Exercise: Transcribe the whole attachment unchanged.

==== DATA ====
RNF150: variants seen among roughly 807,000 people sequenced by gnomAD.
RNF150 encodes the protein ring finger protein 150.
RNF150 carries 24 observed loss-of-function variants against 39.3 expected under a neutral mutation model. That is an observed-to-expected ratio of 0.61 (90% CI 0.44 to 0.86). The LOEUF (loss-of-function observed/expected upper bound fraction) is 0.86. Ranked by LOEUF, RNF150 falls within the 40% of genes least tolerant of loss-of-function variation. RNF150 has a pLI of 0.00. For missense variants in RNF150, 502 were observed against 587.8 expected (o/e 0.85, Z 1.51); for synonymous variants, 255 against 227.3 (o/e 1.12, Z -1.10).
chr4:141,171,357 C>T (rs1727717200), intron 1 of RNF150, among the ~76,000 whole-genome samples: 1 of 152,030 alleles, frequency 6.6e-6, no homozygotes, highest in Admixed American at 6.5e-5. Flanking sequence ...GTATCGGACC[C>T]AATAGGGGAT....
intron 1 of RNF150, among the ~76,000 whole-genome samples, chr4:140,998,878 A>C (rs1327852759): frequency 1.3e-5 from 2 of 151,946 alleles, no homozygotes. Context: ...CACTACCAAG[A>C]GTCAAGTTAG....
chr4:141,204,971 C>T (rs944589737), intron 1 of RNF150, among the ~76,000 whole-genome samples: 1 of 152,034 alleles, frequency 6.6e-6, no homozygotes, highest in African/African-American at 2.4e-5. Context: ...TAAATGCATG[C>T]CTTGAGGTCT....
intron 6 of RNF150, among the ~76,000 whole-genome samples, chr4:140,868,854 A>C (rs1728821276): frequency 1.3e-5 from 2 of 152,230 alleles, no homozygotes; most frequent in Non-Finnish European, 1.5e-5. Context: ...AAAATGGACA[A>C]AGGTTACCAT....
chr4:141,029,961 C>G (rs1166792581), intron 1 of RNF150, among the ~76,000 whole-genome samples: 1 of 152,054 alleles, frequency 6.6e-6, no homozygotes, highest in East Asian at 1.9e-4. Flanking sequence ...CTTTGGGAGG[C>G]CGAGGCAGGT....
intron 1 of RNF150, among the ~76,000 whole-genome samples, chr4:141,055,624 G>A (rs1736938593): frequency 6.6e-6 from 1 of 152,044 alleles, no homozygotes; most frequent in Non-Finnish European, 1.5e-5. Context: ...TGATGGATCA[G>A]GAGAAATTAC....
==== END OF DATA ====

RNF150: variants seen among roughly 807,000 people sequenced by gnomAD.
RNF150 encodes the protein ring finger protein 150.
RNF150 carries 24 observed loss-of-function variants against 39.3 expected under a neutral mutation model. That is an observed-to-expected ratio of 0.61 (90% CI 0.44 to 0.86). The LOEUF (loss-of-function observed/expected upper bound fraction) is 0.86. Ranked by LOEUF, RNF150 falls within the 40% of genes least tolerant of loss-of-function variation. RNF150 has a pLI of 0.00. For missense variants in RNF150, 502 were observed against 587.8 expected (o/e 0.85, Z 1.51); for synonymous variants, 255 against 227.3 (o/e 1.12, Z -1.10).
chr4:141,171,357 C>T (rs1727717200), intron 1 of RNF150, among the ~76,000 whole-genome samples: 1 of 152,030 alleles, frequency 6.6e-6, no homozygotes, highest in Admixed American at 6.5e-5. Flanking sequence ...GTATCGGACC[C>T]AATAGGGGAT....
intron 1 of RNF150, among the ~76,000 whole-genome samples, chr4:140,998,878 A>C (rs1327852759): frequency 1.3e-5 from 2 of 151,946 alleles, no homozygotes. Context: ...CACTACCAAG[A>C]GTCAAGTTAG....
chr4:141,204,971 C>T (rs944589737), intron 1 of RNF150, among the ~76,000 whole-genome samples: 1 of 152,034 alleles, frequency 6.6e-6, no homozygotes, highest in African/African-American at 2.4e-5. Context: ...TAAATGCATG[C>T]CTTGAGGTCT....
intron 6 of RNF150, among the ~76,000 whole-genome samples, chr4:140,868,854 A>C (rs1728821276): frequency 1.3e-5 from 2 of 152,230 alleles, no homozygotes; most frequent in Non-Finnish European, 1.5e-5. Context: ...AAAATGGACA[A>C]AGGTTACCAT....
chr4:141,029,961 C>G (rs1166792581), intron 1 of RNF150, among the ~76,000 whole-genome samples: 1 of 152,054 alleles, frequency 6.6e-6, no homozygotes, highest in East Asian at 1.9e-4. Flanking sequence ...CTTTGGGAGG[C>G]CGAGGCAGGT....
intron 1 of RNF150, among the ~76,000 whole-genome samples, chr4:141,055,624 G>A (rs1736938593): frequency 6.6e-6 from 1 of 152,044 alleles, no homozygotes; most frequent in Non-Finnish European, 1.5e-5. Context: ...TGATGGATCA[G>A]GAGAAATTAC....